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Lead(II) ions can be removed from solution by

Chemistry: A Molecular Approach | 3rd Edition | ISBN: 9780321809247 | Authors: Nivaldo J. Tro ISBN: 9780321809247 1

Solution for problem 82E Chapter 4

Chemistry: A Molecular Approach | 3rd Edition

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Chemistry: A Molecular Approach | 3rd Edition | ISBN: 9780321809247 | Authors: Nivaldo J. Tro

Chemistry: A Molecular Approach | 3rd Edition

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Problem 82E

Lead(II) ions can be removed from solution by precipitation with sulfate ions. Suppose that a solution contains lead(II) nitrate. Write complete ionic and net ionic equations to show the reaction of aqueous lead(II) nitrate with aqueous potassium sulfate to form solid lead(II) sulfate and aqueous potassium nitrate.

Step-by-Step Solution:
Step 1 of 3

Solution: Step1: a) Given volume of Ba(OH) solution = 50.0 mL = 50/1000 L = 0.050 L 2 Molarity of the Ba(OH) solution2 0.101 M Therefore, number of moles of Ba(OH) = Volume of th2solution in litres X Molarity = 0.050 L X 0.101 M = 0.005 mol Now, the reaction between HCl and Ba(OH) takes place in th2following manner: 2HCl(aq) + Ba(OH) --------2-> MgCl (aq) + 2H O 2 2 In the above equation, it is seen that, 1 mole of Ba(OH) requires 2 mole2of HCl for complete neutralization. Therefore, 0.005 moles of Mg(OH) will require 2 x 0.005 = 0.01) moles of HCl for complete neutralization. Now, using the expression for molarity, we can calculate the volume of HCl required. Volume of HCl in litres = Number of moles of HCl / Molarity = 0.01 mol / 0.120 M = 0.0833 L = 0.0833 X 1000 mL = 83.3 mL Thus, required volume of HCl is 83.3 mL Step2: b) Mass of NaOH = 0.200 g Molar mass of NaOH = 40.01 g/mol Therefore, number of moles of NaOH = 0.200 / 40.01 = 0.005 mol The reaction between H2SO4 and NaOH takes place in the following manner: H2O 4q) + 2NaOH(aq) -----------> Na SO (aq) + 2 O 4 2 In the above equation, it is seen that, 1 mole of H SO requires2 mo4s of NaOH for complete neutralization. Therefore, 0.005 moles of NaOH will require (0.005 / 2 = 0.0025) moles of H SO for 2 4 complete neutralization. Now, using the expression for molarity, we can calculate the volume of H SO required. 2 4 Volume of H SO 2 lit4s = Number of moles of H SO / Molarity 2 4 = 0.0025 mol / 0.125 M = 0.02 L = 0.02 X 1000 mL = 20 mL Thus, the required volume...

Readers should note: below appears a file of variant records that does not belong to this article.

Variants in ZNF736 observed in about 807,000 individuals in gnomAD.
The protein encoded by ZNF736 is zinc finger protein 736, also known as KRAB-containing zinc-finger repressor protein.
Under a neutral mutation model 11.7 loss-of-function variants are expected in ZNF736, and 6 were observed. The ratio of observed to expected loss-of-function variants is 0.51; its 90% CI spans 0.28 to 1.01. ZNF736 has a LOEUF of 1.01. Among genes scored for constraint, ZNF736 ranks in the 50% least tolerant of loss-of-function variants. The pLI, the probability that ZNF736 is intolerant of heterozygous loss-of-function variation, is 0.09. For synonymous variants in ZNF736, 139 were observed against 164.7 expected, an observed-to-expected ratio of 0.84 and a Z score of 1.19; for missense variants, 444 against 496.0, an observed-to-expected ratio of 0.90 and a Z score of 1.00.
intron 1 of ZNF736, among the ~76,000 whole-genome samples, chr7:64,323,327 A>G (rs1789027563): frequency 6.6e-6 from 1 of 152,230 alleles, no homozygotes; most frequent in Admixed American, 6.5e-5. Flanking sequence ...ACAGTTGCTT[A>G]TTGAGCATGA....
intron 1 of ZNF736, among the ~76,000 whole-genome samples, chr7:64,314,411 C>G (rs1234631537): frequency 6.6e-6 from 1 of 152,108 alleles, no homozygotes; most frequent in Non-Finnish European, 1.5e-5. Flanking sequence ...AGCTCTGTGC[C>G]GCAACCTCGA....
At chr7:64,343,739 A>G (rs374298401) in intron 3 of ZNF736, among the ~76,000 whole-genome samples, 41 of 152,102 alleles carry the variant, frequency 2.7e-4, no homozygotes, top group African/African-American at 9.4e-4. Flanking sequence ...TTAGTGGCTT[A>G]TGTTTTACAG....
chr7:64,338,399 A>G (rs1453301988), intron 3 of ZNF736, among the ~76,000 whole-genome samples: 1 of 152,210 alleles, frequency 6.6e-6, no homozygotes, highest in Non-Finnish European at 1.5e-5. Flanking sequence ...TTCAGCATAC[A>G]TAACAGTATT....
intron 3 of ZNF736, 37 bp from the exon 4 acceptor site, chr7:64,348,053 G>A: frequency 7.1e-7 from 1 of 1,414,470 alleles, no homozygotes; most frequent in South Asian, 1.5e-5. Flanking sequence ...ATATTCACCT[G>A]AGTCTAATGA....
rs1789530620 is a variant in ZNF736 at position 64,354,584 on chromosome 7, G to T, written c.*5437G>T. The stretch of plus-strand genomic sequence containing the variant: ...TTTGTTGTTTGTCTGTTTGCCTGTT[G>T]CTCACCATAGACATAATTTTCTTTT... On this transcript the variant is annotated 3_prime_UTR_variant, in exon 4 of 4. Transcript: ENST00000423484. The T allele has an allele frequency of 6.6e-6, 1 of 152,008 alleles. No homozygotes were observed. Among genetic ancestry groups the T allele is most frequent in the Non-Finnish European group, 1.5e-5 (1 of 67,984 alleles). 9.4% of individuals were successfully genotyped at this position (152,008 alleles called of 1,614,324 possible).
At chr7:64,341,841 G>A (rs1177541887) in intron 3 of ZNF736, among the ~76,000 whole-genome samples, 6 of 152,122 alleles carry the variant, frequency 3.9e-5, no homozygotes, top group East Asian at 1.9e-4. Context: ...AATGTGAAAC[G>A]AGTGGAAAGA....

Step 2 of 3

Chapter 4, Problem 82E is Solved
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Textbook: Chemistry: A Molecular Approach
Edition: 3
Author: Nivaldo J. Tro
ISBN: 9780321809247

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